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Global bank bond offerings are at their highest levels since 2009

A Bank Of America ATM is pictured in the Manhattan borough of New York
Reuters/Carlo Allegri
Becoming a borrower, not just a lender.
By Mark DeCambre
Published Last updated This article is more than 2 years old.

Large financial institutions such as Bank of America are increasingly loading up on bonds to fund themselves. As it stands now, banks globally have sold some $764 billion in bonds through Aug. 21–36% more than the $562 billion in bonds sold by this point last year.

That’s the highest amount in bonds issued since 2009, when banks shopped a record $1.3 billion to investors for the full year. Here’s a chart illustrating bond issuance by global banks by this date in recent years:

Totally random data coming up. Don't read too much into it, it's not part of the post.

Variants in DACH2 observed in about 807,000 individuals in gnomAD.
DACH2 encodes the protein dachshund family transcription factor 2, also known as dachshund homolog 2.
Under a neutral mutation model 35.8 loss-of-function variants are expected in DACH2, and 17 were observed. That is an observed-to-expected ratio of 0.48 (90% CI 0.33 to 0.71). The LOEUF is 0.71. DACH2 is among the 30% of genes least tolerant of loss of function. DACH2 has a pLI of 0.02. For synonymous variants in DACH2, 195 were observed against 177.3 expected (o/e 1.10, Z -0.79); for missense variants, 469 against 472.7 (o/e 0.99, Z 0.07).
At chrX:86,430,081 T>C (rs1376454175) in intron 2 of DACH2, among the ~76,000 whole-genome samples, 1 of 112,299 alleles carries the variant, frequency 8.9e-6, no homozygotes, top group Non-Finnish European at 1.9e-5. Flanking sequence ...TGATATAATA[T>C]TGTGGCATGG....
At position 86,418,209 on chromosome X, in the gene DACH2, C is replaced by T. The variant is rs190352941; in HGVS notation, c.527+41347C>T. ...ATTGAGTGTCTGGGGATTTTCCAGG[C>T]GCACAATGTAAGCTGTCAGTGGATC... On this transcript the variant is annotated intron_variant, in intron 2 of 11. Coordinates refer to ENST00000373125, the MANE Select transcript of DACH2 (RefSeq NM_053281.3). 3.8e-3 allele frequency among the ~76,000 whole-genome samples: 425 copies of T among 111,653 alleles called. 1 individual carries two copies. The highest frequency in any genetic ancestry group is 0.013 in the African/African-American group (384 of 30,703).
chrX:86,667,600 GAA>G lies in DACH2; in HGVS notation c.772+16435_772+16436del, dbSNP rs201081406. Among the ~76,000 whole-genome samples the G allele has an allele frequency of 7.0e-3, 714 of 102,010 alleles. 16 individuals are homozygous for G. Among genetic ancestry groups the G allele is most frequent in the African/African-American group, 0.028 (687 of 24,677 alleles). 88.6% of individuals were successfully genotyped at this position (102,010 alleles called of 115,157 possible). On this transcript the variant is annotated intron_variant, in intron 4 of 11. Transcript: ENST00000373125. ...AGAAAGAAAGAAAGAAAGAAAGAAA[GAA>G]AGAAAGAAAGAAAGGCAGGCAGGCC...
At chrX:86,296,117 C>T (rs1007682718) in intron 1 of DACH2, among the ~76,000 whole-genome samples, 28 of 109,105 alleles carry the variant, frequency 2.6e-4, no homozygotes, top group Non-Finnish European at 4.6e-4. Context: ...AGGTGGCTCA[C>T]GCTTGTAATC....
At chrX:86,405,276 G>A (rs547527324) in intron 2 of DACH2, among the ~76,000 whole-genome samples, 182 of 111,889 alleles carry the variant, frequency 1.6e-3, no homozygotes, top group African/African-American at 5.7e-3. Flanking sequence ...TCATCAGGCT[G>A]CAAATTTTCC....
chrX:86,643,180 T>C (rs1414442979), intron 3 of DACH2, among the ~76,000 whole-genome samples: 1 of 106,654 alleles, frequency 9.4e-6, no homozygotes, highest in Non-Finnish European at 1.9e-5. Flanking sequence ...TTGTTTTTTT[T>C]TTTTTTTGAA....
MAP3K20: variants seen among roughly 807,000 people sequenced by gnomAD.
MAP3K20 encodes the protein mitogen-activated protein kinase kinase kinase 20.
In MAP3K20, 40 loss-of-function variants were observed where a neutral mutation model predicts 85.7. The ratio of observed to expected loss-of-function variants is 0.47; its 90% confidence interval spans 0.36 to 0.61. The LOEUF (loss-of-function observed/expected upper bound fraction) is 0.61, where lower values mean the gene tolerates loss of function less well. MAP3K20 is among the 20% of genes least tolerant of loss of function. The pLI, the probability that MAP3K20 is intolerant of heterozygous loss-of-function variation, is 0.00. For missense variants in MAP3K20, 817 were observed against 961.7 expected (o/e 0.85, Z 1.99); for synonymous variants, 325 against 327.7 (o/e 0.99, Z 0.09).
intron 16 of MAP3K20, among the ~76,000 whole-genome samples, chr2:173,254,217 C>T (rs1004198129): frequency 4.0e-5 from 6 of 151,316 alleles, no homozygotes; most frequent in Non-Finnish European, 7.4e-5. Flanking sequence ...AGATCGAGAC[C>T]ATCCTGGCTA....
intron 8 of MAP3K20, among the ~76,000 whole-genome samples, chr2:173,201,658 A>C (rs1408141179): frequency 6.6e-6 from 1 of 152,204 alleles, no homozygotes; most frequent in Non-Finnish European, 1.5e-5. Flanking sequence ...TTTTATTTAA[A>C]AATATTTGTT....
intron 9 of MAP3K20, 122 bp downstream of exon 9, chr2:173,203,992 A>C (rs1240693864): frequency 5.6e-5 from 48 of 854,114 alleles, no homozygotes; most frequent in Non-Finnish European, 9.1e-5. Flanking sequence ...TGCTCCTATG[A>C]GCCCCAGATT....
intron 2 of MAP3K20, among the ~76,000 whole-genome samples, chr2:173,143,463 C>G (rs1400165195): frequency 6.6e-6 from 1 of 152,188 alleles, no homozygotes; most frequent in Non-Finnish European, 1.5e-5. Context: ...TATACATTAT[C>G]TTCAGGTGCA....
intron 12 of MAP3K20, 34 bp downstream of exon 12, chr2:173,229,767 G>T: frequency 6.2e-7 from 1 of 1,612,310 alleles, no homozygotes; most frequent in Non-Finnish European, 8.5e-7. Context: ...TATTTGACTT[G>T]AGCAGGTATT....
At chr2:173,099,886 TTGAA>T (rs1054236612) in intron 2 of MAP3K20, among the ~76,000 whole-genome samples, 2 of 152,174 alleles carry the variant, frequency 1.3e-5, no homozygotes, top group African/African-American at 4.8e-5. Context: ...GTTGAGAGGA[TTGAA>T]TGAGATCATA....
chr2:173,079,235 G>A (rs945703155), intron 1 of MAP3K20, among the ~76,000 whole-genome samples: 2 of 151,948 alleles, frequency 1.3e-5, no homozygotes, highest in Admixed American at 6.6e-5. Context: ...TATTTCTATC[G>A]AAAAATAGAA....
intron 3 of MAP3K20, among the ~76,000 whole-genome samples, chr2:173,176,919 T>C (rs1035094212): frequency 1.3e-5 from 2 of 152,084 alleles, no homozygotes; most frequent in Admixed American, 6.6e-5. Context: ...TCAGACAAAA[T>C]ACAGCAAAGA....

Case in point: BofA sold some $4.5 billion in bonds yesterday, on the heels of its landmark $16.7-billion settlement with the US Department of Justice. BofA has been one of the most active bank bond issuers this year.

What’s fueling the surge? Eagerness for bonds with richer yields than average. Also, the general market perception that banks are too big to fail, and therefore safer, has made issuing bonds cheaper for banks.

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